Krisztián Fonyódi is Head of Digital Photography Department at the Museum of Fine Arts Budapest, and Supervisor of Digitisation at the Hungarian Ministry of Human Resources. He has participated in several Europeana Projects (Europeana Inside, Athena, AthenaPlus etc.). For 4 years he has been member of the International Digital Exhibition Working Group. Additional he is leading the very prosperous digitization project “museum-digital” in Hungary which helps large and small Hungarian museums to publish information about their objects and to create a digital inventory as well. In 2020 he was invited by the Hungarian IT company DotsAmizing Ltd. to develop the software ExhibitOnline, which enables museums to bring previous and current exhibitions to life in a spectacular way and make them available in the digital space in the long term.
How to ExhibitOnline?
According to ICOM’s definition, one of the most important tasks of museums is to exhibit the tangible and intangible heritage of humanity and its environment for the purposes of education, study and enjoyment. It can be said that ICOM envisages the implementation of this task in real museum spaces and, despite the better and more complex technical possibilities, it does not pay enough attention to the high-quality digital archiving of exhibitions.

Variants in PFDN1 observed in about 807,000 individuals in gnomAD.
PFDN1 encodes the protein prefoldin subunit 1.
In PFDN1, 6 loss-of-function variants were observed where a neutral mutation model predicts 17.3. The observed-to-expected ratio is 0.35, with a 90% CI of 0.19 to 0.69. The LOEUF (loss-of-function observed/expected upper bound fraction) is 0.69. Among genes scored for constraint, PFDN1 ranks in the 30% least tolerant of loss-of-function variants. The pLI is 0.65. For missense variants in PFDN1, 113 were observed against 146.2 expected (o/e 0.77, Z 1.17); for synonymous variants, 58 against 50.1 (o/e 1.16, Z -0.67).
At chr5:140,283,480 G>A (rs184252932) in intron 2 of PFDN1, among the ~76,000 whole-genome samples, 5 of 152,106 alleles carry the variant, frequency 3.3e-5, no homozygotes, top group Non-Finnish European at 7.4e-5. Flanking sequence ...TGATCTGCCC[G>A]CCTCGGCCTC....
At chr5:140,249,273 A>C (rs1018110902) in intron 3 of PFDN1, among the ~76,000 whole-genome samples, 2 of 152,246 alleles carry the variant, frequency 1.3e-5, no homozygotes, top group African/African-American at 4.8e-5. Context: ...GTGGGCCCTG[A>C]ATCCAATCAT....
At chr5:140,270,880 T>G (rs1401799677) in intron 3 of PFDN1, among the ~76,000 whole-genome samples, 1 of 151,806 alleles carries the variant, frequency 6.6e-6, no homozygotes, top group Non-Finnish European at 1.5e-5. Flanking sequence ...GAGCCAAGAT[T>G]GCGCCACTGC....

In my presentation, I invite conference participants to a time travel and, with the help of ExhibitOnline archiving software, we have brought to life three exhibitions of different eras in the digital space and made them live and livable again for the general public and research purposes. The time travel begins with the Ludwig Museum’s BarabasiLab: Hidden Patterns exhibition in 2020. Here we present an ‘ideal’ archiving situation, as the exhibition installation that still exists between closed doors did not set any boundaries in the production of the digital imprint of the exhibition.The next stop is the Frida Kahlo exhibition, which was held at the Hungarian National Gallery in 2018 with great success. Our hands were much more tied here, as the exhibition only had to be reconstructed from the materials available in the archive, which were fortunately very well documented. Finally, I invite the audience to the 20th century permanent exhibition of the Museum of Fine Arts, which opened in 1972. Organized by Krisztina Passuth, the exhibition was one of the most significant and nationally influential exhibitions in the history of the museum, presenting for the first time the museum’s art material, which also features works by contemporary Western artists. The ongoing digital reconstruction of this exhibition is even more challenging because we have even less visual documentation than the exhibitions presented earlier.